Unless you've been living under a rock, you'll know that Neil Young was on a mini Canadian tour last week wherein he blasted the western oil sands, not to mention the Alberta and Canadian governments. In comments that were widely quoted he compared Fort McMurray, where many of the oil sands workers live, to Hiroshima. Sure that might have been a little over the top but hell, the guy's a rock star not a diplomat.
It was called the Honour The Treaties Tour and Young was raising funds for the Athabasca Chipewyan First Nation who say the government is ignoring their treaty rights through oil sands development.
I like Neil Young. I've followed his career and bought his records and CDs for years. I've attended his concerts.
This isn't the first time Young has spoken out against things that don't sit right with him. The best and earliest example is the quickly-penned Ohio, a best-selling effort critical of the Kent State shootings in 1970.
The most recent example was his Living With War CD and tour a couple of years back where he took the US government to task for it's role in the Iraq war.
But the Prime Minister's office and others have said Young should stick to music and keep his nose out of politics. Young, in an interview broadcast nationally on the CBC, responded - as only Neil could. You've gotta love his answer…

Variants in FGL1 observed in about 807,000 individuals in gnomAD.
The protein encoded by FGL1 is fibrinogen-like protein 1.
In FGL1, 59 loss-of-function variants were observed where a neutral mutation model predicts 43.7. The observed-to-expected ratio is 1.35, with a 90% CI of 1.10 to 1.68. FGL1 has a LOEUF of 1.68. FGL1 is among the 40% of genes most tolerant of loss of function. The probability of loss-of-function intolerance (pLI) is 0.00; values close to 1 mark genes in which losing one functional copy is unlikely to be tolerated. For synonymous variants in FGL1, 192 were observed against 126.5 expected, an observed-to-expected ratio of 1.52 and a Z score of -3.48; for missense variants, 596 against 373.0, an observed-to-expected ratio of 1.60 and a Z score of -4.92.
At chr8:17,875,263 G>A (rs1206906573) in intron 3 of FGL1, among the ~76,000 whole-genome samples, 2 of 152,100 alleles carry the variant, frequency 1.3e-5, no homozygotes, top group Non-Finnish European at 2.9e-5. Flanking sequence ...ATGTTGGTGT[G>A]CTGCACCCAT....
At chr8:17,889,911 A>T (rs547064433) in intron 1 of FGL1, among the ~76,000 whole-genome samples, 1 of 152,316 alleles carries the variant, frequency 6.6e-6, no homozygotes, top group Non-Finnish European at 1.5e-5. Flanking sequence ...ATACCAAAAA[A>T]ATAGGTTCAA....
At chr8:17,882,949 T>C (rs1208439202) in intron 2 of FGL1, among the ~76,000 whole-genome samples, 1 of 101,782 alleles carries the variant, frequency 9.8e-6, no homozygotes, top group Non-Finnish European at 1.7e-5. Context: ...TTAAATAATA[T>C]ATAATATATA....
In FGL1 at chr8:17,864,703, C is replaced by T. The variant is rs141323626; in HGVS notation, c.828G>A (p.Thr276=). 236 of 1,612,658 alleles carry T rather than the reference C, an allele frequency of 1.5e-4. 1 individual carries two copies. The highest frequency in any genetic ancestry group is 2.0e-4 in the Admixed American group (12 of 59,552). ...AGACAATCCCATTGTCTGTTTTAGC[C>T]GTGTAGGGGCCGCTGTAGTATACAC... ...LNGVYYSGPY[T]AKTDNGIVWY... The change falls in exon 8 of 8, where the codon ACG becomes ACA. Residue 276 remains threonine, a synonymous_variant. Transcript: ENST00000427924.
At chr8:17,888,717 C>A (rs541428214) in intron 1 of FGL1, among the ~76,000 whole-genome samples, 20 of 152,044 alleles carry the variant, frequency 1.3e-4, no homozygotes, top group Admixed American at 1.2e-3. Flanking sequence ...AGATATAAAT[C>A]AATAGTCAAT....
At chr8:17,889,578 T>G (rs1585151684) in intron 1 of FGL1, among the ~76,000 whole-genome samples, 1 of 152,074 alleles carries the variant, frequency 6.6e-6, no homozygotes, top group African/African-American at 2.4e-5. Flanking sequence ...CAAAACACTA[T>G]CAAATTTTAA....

Young's always marched to the beat of his own drum. It's what makes him so endearing, so respected. It's a quality largely responsible for his shifting tastes in musical output, not to mention vehicles to deliver them be it as a solo act, with Crazy Horse or as part of Crosby Stills Nash and Young.
What's different this time is Young has set his sights on his native homeland - Canada. And he's given voice to something others in this country have chosen not to - the environmental mess that is the tar sands.
Some have been critical of Young. Mostly the oil producing companies and the Alberta and Canadian governments. Surprised? They have a vested interest. But he has a right to speak out. Last time I checked we were still living in a democracy in the great white north. And with democracy comes freedom of speech.
But criticism didn't stop Young, or the many folks who turned out to his news conferences and concerts in Toronto, Winnipeg, Regina and Calgary.
This isn't just an aging rock star. As well as continuing to be musically relevant - his most recent release Psychedelic Pill has been nominated for a Grammy - he's also still socially relevant and has the capacity to make us stop and think about the "issues" in both cases.
Good on ya Neil. I agreed with you back in the day and I agree with you now.
God bless your heart of gold and keep on rocking' in the free world.